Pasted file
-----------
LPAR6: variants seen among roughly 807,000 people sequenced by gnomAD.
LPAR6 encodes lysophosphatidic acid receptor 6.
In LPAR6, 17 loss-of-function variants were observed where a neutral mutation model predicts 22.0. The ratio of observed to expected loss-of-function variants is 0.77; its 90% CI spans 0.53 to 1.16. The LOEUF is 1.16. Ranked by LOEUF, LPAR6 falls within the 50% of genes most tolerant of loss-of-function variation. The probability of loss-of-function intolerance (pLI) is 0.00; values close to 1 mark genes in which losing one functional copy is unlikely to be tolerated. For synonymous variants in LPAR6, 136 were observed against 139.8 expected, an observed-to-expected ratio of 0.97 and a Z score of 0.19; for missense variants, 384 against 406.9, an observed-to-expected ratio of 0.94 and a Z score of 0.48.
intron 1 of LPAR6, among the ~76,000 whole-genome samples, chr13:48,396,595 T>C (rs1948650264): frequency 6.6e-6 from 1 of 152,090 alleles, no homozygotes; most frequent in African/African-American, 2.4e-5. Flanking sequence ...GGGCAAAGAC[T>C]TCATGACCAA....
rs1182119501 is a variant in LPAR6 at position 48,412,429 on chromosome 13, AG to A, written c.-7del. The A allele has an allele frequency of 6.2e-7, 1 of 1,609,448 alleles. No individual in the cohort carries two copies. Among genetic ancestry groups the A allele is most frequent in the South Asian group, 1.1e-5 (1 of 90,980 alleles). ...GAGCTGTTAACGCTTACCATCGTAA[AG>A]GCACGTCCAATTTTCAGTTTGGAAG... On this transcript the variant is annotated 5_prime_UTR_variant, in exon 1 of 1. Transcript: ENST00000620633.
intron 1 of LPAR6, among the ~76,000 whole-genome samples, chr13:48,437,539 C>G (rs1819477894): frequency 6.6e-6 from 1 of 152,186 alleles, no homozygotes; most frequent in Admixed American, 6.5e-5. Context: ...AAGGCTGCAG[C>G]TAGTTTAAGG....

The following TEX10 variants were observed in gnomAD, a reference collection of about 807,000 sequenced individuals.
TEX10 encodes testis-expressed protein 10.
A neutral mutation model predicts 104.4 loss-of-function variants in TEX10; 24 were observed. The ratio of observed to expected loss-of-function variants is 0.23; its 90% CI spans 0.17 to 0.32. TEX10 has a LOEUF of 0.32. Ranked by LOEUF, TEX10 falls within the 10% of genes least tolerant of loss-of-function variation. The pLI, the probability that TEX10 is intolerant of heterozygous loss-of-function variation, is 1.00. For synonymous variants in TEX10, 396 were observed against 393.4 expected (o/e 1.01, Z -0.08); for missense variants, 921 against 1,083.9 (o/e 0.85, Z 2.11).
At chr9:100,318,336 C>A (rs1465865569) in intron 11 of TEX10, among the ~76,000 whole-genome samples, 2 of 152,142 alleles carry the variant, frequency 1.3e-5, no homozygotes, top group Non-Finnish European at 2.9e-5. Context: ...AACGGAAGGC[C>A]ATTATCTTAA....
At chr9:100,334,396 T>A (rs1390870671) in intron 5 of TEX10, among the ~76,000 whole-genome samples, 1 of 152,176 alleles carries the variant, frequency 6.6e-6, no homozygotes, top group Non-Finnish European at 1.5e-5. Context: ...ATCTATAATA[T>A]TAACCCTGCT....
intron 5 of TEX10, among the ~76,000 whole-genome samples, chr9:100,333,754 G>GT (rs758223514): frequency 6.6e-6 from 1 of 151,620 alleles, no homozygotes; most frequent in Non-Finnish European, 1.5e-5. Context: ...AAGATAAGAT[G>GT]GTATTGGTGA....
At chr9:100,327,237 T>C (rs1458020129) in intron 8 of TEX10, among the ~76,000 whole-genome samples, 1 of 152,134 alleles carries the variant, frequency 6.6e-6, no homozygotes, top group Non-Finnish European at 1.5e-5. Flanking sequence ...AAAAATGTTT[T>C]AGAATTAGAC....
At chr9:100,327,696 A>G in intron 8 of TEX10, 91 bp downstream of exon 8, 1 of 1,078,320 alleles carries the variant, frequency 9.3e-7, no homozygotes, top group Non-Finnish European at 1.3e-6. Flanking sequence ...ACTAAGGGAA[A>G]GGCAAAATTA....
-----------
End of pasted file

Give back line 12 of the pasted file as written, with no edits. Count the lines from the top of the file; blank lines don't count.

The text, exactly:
intron 5 of TEX10, among the ~76,000 whole-genome samples, chr9:100,333,754 G>GT (rs758223514): frequency 6.6e-6 from 1 of 151,620 alleles, no homozygotes; most frequent in Non-Finnish European, 1.5e-5. Context: ...AAGATAAGAT[G>GT]GTATTGGTGA....